1862 Sep 21
September 21, 1862
Mr. William H. Harden
I now seat myself to let you know that I am well at present, hoping when these lines come to hand they will find you enjoying the best of health.
I received your kind and affectionate letter this morning and was truly glad to hear from you. I am glad to hear that you have got your shirts. I was afraid that you would not get them. I made you another one to send by Mr. Daniel, but I will not send it now that you have got them.
Mr. Daniel starts to you Tuesday morning. I will send you a jug of syrup. Your Ma give me some butter and some flour to bake you some bread and ginger cakes. Aunt Varchus put in some flour, too, for Jimmy Short. I will put it together. Varchus says to divide bread with him. She never had no butter to send. I will put in some raw potatoes. I would cook them but they would mash all to pieces.
Mollie is not well. She has the worst cold you ever saw. She had high fever last night and night before. Me and Ma never sleeped much with her. She haven’t got but two teeth yet. I think that is mostly what ails her. She is the sweetest little girl you ever saw.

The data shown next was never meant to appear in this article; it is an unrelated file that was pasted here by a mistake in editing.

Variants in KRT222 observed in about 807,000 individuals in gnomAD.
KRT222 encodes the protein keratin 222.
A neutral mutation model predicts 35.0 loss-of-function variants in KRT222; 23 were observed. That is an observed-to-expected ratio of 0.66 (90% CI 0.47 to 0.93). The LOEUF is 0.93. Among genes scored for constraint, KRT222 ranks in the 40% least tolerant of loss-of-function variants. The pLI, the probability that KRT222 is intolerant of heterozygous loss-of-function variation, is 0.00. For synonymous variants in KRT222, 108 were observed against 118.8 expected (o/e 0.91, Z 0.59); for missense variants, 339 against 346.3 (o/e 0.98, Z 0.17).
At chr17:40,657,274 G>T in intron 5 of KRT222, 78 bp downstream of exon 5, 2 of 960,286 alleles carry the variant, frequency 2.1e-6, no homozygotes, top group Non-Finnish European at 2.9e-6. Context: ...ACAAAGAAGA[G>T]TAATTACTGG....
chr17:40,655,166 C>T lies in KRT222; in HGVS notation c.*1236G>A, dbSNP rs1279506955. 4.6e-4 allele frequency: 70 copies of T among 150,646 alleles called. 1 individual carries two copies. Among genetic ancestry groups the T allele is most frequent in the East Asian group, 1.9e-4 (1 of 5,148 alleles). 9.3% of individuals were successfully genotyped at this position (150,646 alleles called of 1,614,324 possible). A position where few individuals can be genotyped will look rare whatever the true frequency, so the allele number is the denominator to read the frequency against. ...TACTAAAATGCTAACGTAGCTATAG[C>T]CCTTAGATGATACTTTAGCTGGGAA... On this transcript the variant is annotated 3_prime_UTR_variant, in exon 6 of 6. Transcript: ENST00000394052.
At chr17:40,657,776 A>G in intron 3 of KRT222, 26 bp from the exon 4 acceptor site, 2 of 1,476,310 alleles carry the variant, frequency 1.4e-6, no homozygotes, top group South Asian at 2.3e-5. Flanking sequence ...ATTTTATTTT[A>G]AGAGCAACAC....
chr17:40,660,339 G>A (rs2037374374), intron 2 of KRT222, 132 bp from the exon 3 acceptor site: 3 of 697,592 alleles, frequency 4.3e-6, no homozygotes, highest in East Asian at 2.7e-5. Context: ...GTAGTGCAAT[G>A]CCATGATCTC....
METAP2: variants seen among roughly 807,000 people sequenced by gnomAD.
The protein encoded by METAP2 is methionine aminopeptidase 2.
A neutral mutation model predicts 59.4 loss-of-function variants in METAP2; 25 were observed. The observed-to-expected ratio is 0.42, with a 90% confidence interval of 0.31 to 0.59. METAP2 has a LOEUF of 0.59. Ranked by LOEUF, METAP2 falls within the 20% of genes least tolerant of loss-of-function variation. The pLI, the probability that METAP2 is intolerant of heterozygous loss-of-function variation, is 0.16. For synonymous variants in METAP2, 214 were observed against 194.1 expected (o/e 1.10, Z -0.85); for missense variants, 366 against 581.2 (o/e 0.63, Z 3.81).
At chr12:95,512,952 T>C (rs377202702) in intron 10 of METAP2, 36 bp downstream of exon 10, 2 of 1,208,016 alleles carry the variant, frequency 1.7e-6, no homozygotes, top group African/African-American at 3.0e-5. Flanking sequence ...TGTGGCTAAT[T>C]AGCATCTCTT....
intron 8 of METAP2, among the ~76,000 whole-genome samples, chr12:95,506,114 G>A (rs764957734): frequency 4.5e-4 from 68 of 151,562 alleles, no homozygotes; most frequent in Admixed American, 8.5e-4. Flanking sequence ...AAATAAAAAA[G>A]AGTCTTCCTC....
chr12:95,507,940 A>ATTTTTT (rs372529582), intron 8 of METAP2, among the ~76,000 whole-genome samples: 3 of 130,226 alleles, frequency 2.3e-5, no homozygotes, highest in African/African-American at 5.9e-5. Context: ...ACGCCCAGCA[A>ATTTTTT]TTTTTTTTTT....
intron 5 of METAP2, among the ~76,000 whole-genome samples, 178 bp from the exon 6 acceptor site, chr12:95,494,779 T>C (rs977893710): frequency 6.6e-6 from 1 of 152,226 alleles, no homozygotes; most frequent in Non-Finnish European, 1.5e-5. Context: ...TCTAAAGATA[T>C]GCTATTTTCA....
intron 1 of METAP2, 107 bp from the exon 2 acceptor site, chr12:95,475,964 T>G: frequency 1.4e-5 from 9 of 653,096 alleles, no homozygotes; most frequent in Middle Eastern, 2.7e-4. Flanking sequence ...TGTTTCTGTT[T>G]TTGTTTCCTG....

Pa’s folks is all well but Minda. We all think she has the yellow ganders.
Mr. Lynch’s family is all well except the children has the whooping cough. Mrs. Lynch heard from him the 20th of September. He was at Beans Station the 12th.
James Harris is with him. Uncertain whether he dead or alive now. Cap is going to start after him Tuesday morning.
I haven’t heard from your crop and hogs since I wrote the last letter.
I heard that Elihu is going to give me half of the tobacco.
Mr. Brooks is got your syrup made. I don’t know how much there is of it. I will try to get Pa to go with me down there this week and then I will tell you more about it.
Pa says that he has nothing that will interest a suckling pig, let alone a man. He has no late news.
We are all out of salt now.
Ma is got a pig up fattening for the Association. You must try and come then. It commences on Friday before the third Sunday in October.
I must come to a close. I am in a hurry now - Mr. Daniel is going to start this evening. I will write more in the morn.
Tell the old man Seab to write to me how his heifers is getting along, and how all the stock is, and what he thinks about the war. I heard he was conscripted. If so, I know his lips tooted out as long as my finger.
W. H. H.